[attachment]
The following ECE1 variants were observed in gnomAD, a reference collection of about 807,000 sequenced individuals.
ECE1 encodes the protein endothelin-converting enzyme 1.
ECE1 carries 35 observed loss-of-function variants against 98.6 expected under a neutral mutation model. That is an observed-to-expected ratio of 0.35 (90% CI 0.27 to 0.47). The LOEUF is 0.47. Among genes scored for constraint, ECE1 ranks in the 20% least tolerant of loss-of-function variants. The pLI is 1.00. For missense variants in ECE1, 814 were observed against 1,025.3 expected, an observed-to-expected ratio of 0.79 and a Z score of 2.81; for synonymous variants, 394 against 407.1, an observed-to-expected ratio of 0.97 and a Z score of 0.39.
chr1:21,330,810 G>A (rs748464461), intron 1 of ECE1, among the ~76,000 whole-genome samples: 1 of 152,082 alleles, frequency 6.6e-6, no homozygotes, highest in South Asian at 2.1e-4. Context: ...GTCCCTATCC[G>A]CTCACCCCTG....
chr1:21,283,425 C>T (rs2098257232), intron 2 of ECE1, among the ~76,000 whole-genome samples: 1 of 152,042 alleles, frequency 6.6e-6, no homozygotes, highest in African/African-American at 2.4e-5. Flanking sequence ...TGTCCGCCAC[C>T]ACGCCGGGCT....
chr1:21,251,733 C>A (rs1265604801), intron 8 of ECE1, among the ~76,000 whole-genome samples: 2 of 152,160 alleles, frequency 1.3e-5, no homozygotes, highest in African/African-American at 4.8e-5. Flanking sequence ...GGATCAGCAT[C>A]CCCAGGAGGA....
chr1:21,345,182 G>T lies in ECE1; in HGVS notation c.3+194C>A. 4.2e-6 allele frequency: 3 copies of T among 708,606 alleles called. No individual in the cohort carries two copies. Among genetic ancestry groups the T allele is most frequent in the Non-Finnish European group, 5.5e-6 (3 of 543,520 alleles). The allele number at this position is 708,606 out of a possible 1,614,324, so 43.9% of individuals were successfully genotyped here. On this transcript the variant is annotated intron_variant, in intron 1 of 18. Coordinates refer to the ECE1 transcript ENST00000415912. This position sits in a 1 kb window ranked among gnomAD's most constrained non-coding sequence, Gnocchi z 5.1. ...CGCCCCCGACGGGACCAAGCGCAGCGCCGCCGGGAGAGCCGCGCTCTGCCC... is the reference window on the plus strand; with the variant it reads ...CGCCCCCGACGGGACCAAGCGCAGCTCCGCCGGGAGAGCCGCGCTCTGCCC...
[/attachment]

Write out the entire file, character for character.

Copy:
The following ECE1 variants were observed in gnomAD, a reference collection of about 807,000 sequenced individuals.
ECE1 encodes the protein endothelin-converting enzyme 1.
ECE1 carries 35 observed loss-of-function variants against 98.6 expected under a neutral mutation model. That is an observed-to-expected ratio of 0.35 (90% CI 0.27 to 0.47). The LOEUF is 0.47. Among genes scored for constraint, ECE1 ranks in the 20% least tolerant of loss-of-function variants. The pLI is 1.00. For missense variants in ECE1, 814 were observed against 1,025.3 expected, an observed-to-expected ratio of 0.79 and a Z score of 2.81; for synonymous variants, 394 against 407.1, an observed-to-expected ratio of 0.97 and a Z score of 0.39.
chr1:21,330,810 G>A (rs748464461), intron 1 of ECE1, among the ~76,000 whole-genome samples: 1 of 152,082 alleles, frequency 6.6e-6, no homozygotes, highest in South Asian at 2.1e-4. Context: ...GTCCCTATCC[G>A]CTCACCCCTG....
chr1:21,283,425 C>T (rs2098257232), intron 2 of ECE1, among the ~76,000 whole-genome samples: 1 of 152,042 alleles, frequency 6.6e-6, no homozygotes, highest in African/African-American at 2.4e-5. Flanking sequence ...TGTCCGCCAC[C>T]ACGCCGGGCT....
chr1:21,251,733 C>A (rs1265604801), intron 8 of ECE1, among the ~76,000 whole-genome samples: 2 of 152,160 alleles, frequency 1.3e-5, no homozygotes, highest in African/African-American at 4.8e-5. Flanking sequence ...GGATCAGCAT[C>A]CCCAGGAGGA....
chr1:21,345,182 G>T lies in ECE1; in HGVS notation c.3+194C>A. 4.2e-6 allele frequency: 3 copies of T among 708,606 alleles called. No individual in the cohort carries two copies. Among genetic ancestry groups the T allele is most frequent in the Non-Finnish European group, 5.5e-6 (3 of 543,520 alleles). The allele number at this position is 708,606 out of a possible 1,614,324, so 43.9% of individuals were successfully genotyped here. On this transcript the variant is annotated intron_variant, in intron 1 of 18. Coordinates refer to the ECE1 transcript ENST00000415912. This position sits in a 1 kb window ranked among gnomAD's most constrained non-coding sequence, Gnocchi z 5.1. ...CGCCCCCGACGGGACCAAGCGCAGCGCCGCCGGGAGAGCCGCGCTCTGCCC... is the reference window on the plus strand; with the variant it reads ...CGCCCCCGACGGGACCAAGCGCAGCTCCGCCGGGAGAGCCGCGCTCTGCCC...